A reward of traveling is learning the culture of other countries. It is enjoyable and educational to observe and interact with locals, especially those not in the tourism industry like these two women gardening. Here is what you might find while visiting Jeju City. Although the 500 year rule of the Joseon Dynasty ended in 1897, its enforcement of Confucian principles has had a lasting impact on South Korea’s culture. Social customs stress harmony and respect for each other, especially towards the elderly and people of seniority. Family is of utmost important yet arranged marriages still occur. Although they rarely smile, often seem pushy in crowds and maintain traditions like bowing, they are generous and warm people. Jeju Island is less patriarchal than the mainland because of the lingering influence of female divers (haenyeo) and shamanic shrines honoring women goddesses. Some of these characteristics are slipping away because of Western influences and technology.

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9 Beach Recommendations near Jeju City, South Korea

Several sections of Jeju Island’s seafront are noted for their incredible scenery with crashing waves such as this section of the Tabdong Coast. If you prefer to swim, the closest ones to downtown Jeju City are Iho Tewoo Beach and Samyang Black Sand Beach. In the northeast are Hamdoek and a little further away Woljeongri. Along the northwest shore are Hyeopjae Beach and its neighbor, Geumneung Euddeum Beach. Both are very popular for their white sand and gentle surf. This is just a starter list. Sand and turquoise water are two of the main reason Jeju Island is such a highly-visited destination.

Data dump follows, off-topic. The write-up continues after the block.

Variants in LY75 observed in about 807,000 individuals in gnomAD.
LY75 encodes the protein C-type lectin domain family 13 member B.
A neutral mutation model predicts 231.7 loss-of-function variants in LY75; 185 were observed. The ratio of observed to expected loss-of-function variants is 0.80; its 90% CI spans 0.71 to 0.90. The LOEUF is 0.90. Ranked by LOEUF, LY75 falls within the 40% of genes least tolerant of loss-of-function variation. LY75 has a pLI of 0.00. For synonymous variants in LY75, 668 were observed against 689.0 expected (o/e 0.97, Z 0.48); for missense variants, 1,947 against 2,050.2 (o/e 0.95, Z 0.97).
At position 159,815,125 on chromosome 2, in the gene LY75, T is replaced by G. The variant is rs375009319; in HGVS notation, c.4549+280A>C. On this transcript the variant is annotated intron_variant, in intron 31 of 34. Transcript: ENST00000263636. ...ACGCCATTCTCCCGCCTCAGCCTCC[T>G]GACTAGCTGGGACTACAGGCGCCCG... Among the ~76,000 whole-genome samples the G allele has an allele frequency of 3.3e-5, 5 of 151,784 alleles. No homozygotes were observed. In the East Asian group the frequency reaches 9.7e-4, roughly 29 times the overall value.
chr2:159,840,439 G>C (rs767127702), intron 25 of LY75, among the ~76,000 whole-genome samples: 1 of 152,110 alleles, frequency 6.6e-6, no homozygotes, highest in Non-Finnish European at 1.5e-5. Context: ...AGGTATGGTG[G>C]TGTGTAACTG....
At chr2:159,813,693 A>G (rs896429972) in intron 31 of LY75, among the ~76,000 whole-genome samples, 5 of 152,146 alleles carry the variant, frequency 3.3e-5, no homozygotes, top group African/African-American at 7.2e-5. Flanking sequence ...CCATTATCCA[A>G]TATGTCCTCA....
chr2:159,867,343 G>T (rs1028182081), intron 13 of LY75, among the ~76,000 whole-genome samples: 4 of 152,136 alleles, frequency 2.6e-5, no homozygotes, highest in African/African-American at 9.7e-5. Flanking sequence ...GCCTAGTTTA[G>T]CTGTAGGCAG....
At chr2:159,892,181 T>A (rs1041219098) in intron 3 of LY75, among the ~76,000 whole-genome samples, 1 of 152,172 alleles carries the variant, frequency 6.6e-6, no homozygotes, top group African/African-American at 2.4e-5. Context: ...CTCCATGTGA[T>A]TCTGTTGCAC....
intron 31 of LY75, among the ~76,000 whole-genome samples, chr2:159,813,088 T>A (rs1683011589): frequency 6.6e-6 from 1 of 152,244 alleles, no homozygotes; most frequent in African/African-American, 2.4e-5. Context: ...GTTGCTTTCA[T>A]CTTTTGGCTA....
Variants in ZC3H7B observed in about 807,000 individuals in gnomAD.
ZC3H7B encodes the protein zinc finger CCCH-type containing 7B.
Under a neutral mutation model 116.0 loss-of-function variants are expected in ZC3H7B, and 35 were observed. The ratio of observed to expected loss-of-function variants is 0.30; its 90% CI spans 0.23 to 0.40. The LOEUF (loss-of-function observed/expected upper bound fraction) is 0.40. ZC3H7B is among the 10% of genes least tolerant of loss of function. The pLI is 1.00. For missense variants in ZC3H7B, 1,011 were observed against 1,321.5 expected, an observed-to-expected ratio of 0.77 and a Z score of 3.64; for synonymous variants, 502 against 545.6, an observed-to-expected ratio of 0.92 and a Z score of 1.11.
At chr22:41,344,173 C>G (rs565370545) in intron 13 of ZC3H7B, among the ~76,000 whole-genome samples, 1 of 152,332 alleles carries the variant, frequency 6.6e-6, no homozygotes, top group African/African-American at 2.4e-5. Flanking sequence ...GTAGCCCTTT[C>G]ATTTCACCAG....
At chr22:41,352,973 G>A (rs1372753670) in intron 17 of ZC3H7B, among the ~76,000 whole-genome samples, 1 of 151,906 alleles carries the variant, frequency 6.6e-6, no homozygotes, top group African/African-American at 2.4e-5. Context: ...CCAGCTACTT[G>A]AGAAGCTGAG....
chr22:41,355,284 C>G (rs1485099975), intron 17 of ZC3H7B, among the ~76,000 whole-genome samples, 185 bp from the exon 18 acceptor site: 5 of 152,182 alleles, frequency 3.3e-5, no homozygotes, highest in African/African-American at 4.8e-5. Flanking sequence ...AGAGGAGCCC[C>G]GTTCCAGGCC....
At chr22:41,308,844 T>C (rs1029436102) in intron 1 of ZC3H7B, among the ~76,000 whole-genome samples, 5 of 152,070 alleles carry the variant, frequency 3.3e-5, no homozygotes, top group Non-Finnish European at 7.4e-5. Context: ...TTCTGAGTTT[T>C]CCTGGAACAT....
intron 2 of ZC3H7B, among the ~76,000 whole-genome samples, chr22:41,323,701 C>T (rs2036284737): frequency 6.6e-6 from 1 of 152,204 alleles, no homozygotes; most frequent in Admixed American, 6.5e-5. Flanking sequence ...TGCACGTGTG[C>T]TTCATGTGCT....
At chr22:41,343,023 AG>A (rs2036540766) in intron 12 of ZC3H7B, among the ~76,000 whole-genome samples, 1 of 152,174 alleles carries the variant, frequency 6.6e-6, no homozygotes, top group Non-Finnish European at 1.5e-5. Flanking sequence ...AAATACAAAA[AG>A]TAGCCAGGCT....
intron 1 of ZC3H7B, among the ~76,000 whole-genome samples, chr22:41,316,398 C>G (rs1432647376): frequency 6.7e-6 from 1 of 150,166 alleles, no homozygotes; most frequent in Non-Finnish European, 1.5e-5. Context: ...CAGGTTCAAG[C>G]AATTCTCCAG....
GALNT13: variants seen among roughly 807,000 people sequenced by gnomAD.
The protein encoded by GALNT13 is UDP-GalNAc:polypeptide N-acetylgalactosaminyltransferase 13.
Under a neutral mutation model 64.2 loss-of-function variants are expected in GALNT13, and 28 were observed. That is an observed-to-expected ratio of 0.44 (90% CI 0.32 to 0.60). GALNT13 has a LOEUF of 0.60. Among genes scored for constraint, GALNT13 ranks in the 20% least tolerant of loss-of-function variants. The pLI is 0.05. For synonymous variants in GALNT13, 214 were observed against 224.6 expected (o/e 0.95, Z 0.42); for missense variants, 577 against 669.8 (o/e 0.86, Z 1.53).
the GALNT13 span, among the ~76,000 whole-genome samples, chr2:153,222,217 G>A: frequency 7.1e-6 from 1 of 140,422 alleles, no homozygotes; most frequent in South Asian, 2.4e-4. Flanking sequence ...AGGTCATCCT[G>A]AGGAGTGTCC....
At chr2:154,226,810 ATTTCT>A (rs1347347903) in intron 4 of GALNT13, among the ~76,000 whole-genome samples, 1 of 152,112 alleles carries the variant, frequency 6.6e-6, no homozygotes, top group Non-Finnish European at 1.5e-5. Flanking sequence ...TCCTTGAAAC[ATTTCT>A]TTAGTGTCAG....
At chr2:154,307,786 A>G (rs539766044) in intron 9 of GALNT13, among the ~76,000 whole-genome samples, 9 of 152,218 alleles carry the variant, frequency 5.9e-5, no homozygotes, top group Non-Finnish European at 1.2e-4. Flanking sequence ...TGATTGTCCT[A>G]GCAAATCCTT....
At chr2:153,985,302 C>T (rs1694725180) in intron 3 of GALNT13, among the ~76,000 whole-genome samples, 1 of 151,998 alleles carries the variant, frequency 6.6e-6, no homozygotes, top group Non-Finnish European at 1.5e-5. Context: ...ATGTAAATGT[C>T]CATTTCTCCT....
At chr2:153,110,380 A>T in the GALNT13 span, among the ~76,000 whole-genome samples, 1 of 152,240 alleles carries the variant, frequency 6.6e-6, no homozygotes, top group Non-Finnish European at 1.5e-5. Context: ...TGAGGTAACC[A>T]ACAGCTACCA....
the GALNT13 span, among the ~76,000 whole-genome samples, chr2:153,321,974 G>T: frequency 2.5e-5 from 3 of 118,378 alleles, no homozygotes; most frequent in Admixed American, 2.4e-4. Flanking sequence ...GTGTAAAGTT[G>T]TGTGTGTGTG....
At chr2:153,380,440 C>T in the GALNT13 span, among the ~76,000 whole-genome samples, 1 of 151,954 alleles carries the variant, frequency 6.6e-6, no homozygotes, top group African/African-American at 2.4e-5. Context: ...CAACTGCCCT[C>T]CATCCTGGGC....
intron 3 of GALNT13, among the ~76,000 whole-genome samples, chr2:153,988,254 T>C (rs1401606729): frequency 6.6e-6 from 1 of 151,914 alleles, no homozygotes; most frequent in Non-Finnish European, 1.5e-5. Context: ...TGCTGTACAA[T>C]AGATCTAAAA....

434 Yongdam 2(i)-dong, Cheju, Jeju-do, South Korea
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10 Yongyeon Bridge in Jeju City, South Korea

Yongyeon is a narrow wooden pedestrian bridge spanning tree-lined cliffs over a fresh water inlet just before it empties into the sea. Yes it shimmers and shakes. When lots of people cross at one time, or some moron decides to prove his diminished mental capacity by jumping up and down, the whole platform sways. But the Yongyeon Cloud Bridge is exhilarating to cross.

Yongyeon Bridge, Cheju, Jeju-do, South Korea
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11 Yongyeon Pond in Jeju City, South Korea

When you muster up the courage to look down while crossing Yongyeon Bridge, you will be treated with the picturesque serenity of Yongyeon Pond. According to legend, this deep, still basin was formed when rainwater fell from a dragon while flying to heaven. Hence its name: Dragon Pond. Suddenly, your eye will catch a motion. Then a splash. Soon other flying fish will break the surface, spin, and dive back. Delightful! If your camera is ready but your courage is not, then you can savor this view from a red pavilion perched at the upper edge of the ravine.

Yongyeon Pond, Cheju, Jeju-do, South Korea